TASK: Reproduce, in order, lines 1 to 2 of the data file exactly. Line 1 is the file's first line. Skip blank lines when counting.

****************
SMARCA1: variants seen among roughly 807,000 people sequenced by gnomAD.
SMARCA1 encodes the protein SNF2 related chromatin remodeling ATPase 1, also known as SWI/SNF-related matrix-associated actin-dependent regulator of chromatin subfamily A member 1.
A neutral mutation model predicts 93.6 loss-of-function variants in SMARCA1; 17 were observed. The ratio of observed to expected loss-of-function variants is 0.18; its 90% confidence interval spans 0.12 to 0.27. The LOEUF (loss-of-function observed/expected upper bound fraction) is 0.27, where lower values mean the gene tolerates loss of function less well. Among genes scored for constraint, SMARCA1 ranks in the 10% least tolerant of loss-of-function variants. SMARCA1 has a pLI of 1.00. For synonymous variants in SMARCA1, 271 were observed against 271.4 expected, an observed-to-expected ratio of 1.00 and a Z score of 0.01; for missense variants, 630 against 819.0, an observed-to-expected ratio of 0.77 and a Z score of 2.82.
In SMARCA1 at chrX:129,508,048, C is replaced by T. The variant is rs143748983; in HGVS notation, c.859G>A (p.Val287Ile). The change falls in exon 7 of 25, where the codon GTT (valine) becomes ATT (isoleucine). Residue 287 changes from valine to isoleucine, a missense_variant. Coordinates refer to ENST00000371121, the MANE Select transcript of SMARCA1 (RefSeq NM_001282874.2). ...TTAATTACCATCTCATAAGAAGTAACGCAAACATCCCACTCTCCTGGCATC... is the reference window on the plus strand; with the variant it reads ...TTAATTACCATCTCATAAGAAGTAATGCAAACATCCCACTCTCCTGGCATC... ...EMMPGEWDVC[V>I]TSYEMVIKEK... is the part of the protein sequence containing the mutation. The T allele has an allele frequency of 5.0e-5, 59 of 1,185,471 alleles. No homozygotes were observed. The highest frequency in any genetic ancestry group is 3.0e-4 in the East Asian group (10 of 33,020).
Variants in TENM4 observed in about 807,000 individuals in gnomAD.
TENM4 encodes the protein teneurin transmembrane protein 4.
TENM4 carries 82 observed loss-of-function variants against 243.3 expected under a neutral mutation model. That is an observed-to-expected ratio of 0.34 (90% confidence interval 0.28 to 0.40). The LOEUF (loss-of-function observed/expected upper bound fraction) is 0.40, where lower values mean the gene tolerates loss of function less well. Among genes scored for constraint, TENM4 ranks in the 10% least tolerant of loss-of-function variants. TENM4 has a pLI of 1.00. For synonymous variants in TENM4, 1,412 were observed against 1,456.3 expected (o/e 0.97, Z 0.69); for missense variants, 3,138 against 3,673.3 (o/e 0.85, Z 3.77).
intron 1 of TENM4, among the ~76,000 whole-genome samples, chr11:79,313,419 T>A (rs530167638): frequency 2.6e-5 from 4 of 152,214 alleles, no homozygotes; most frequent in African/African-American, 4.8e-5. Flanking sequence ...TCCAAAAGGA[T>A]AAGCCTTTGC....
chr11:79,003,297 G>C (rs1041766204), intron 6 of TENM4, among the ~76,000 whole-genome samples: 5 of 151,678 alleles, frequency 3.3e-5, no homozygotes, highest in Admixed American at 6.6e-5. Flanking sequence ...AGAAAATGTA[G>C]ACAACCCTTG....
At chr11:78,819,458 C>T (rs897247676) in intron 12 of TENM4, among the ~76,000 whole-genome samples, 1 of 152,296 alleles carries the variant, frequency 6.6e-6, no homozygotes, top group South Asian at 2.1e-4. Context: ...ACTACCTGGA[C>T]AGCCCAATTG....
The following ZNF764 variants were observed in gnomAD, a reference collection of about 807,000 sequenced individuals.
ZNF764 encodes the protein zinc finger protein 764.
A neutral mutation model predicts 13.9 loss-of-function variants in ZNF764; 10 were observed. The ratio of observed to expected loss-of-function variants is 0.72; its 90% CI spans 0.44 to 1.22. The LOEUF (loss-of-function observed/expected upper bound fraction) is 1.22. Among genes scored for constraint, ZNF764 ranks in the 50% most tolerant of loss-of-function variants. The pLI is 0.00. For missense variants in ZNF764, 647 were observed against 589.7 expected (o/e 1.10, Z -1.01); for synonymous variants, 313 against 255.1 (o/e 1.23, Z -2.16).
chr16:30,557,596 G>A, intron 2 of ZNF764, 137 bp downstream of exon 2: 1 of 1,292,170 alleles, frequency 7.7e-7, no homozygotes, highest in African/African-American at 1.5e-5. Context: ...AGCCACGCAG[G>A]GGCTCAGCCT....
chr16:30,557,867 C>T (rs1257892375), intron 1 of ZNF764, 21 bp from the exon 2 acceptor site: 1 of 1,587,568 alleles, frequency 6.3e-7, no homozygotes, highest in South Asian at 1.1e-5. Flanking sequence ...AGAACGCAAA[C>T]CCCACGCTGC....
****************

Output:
SMARCA1: variants seen among roughly 807,000 people sequenced by gnomAD.
SMARCA1 encodes the protein SNF2 related chromatin remodeling ATPase 1, also known as SWI/SNF-related matrix-associated actin-dependent regulator of chromatin subfamily A member 1.